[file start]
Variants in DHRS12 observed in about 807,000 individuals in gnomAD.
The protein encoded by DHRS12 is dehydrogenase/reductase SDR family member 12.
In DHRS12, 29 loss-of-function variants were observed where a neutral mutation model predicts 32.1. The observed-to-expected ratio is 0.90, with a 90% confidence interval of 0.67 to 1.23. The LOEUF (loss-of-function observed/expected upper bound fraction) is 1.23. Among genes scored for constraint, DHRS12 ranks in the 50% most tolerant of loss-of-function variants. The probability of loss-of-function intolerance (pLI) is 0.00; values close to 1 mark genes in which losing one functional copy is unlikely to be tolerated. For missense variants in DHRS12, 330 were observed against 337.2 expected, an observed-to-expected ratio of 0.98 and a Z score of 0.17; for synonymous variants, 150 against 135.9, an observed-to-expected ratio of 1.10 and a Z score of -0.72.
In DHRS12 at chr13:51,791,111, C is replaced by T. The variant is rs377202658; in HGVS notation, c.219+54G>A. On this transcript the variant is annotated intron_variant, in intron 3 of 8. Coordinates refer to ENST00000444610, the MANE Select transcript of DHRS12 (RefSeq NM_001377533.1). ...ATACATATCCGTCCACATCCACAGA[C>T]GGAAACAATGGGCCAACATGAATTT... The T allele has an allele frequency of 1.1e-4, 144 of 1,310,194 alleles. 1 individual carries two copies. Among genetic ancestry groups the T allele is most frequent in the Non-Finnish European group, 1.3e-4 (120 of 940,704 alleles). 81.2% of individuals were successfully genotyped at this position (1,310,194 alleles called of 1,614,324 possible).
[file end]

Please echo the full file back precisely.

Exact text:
Variants in DHRS12 observed in about 807,000 individuals in gnomAD.
The protein encoded by DHRS12 is dehydrogenase/reductase SDR family member 12.
In DHRS12, 29 loss-of-function variants were observed where a neutral mutation model predicts 32.1. The observed-to-expected ratio is 0.90, with a 90% confidence interval of 0.67 to 1.23. The LOEUF (loss-of-function observed/expected upper bound fraction) is 1.23. Among genes scored for constraint, DHRS12 ranks in the 50% most tolerant of loss-of-function variants. The probability of loss-of-function intolerance (pLI) is 0.00; values close to 1 mark genes in which losing one functional copy is unlikely to be tolerated. For missense variants in DHRS12, 330 were observed against 337.2 expected, an observed-to-expected ratio of 0.98 and a Z score of 0.17; for synonymous variants, 150 against 135.9, an observed-to-expected ratio of 1.10 and a Z score of -0.72.
In DHRS12 at chr13:51,791,111, C is replaced by T. The variant is rs377202658; in HGVS notation, c.219+54G>A. On this transcript the variant is annotated intron_variant, in intron 3 of 8. Coordinates refer to ENST00000444610, the MANE Select transcript of DHRS12 (RefSeq NM_001377533.1). ...ATACATATCCGTCCACATCCACAGA[C>T]GGAAACAATGGGCCAACATGAATTT... The T allele has an allele frequency of 1.1e-4, 144 of 1,310,194 alleles. 1 individual carries two copies. Among genetic ancestry groups the T allele is most frequent in the Non-Finnish European group, 1.3e-4 (120 of 940,704 alleles). 81.2% of individuals were successfully genotyped at this position (1,310,194 alleles called of 1,614,324 possible).